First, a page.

Join our family of curious Kansas Citians

Discover unheard stories about Kansas City, every Thursday.

Thank you for subscribing!

Check your inbox, you should see something from us.

Sign Me Up

Excuse the interruption.

Like what you see? For more stories like this, sign up for our newsletter. It drops in your inbox every Thursday.

Thank you for subscribing!

Check your inbox, you should see something from us.

Sign Me Up
Hit enter to search or ESC to close

KC high school students reflect on race, education with ‘American Promise’

Share this story
Broadcast students at Paseo Academy of Fine and Performing Arts watched “American Promise” and discussed the film Jan. 24, 2014. | Photo by Lindsey Foat

Broadcast students at the Paseo Academy of Fine and Performing Arts took part in an advance screening of the documentary “American Promise,” which follows two African American boys from preschool to high school graduation.

At age five, best friends Seun and Idris are accepted at Dalton, one of the most prestigious private schools in the country. Idris’ parents decide to film the boys and follow their experiences at the predominantly white school.

“Dalton will open doors for him for the rest of his life,” said Idris’ father Joe Brewster at the beginning of the film.

Both Idris and Seun’s parents quickly realize that educational opportunity is not a solution and that societal issues surrounding race and gender still play a huge role in the boy’s lives.

Thirteen years in the making, the film is a very personalized and complex look at the challenges facing young black males.

After the screening, Paseo students shared their reflections on “American Promise.” Here are excerpts from their written reviews as well as two student created video responses to the film.

“The title of this documentary to me means that America is under-construction with public and private education for African American males. I can somewhat relate to this documentary because I am an African American. Although I am female, I still am facing going to a public school and in a district that is not considered the best.”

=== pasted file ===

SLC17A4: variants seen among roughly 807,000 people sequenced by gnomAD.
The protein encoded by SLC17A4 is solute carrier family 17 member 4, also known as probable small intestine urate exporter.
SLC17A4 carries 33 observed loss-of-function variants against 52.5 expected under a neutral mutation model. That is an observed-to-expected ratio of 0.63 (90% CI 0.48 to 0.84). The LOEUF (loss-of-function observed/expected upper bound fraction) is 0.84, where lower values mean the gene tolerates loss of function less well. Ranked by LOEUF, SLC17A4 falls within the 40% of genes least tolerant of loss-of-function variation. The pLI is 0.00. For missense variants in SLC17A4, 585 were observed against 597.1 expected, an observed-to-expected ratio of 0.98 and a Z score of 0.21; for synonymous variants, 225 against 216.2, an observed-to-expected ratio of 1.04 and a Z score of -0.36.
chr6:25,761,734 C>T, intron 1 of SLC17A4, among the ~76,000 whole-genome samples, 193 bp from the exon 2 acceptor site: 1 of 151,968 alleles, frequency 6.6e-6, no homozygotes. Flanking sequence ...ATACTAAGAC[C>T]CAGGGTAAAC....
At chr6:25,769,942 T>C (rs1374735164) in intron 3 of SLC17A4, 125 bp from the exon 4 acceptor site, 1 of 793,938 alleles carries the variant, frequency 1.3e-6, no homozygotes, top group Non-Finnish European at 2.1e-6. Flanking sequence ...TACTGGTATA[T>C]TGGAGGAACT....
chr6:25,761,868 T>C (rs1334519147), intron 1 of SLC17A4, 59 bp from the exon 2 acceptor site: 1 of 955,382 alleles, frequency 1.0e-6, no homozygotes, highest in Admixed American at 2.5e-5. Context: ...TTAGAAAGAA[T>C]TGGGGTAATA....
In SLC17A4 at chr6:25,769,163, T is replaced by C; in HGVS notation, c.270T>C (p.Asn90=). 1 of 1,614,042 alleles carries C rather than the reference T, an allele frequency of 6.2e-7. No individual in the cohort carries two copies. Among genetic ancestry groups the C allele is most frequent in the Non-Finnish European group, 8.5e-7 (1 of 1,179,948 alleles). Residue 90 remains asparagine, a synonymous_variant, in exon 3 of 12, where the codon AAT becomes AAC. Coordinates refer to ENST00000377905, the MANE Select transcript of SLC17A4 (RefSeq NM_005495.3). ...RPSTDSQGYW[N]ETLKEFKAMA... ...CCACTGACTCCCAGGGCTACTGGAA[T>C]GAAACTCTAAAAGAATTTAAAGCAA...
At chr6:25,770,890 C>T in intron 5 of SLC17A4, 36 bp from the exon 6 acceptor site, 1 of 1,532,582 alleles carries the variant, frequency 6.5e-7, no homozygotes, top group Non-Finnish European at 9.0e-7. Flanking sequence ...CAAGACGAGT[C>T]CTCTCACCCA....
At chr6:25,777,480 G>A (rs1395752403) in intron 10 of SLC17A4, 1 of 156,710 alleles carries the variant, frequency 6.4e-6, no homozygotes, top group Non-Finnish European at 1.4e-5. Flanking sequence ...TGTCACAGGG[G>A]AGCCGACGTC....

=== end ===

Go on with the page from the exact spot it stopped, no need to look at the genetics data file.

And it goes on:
-Morgan Jones

“America’s promise to some may mean equality, it might mean love and respect, it might even mean power and wealth. But in my opinion the two students in the documentary believe that America’s promise is education. I can relate to the color issues being an African American female. However, I have never been discriminated against when it comes to my education.”

-Mickell Miller

“At the beginning of the documentary when they showed the title of kids that graduate from Dalton private school usually end up going to the top colleges in the United States like Stanford University, Harvard University, or Yale University I was stunned. These colleges only accepted the top students in the country; I thought that these two boys had a chance of going to a place like that. The two black boys had the keys to a good life they just had to graduate and go to college in this case …. The part I related to the most in the documentary was when the boys applied to all the colleges that they were promised they would go to if they graduated. For me that was the worst part of the documentary because I have been accepted to all the colleges that I applied to starting with Missouri State, Iowa State, Oklahoma State, and University of Missouri …. I started thinking about the other kids in America who could not go to the college they wanted to go to, it must suck. It made me realize that I should take care of my business because I’m a lucky black man to be accepted to all of these colleges.”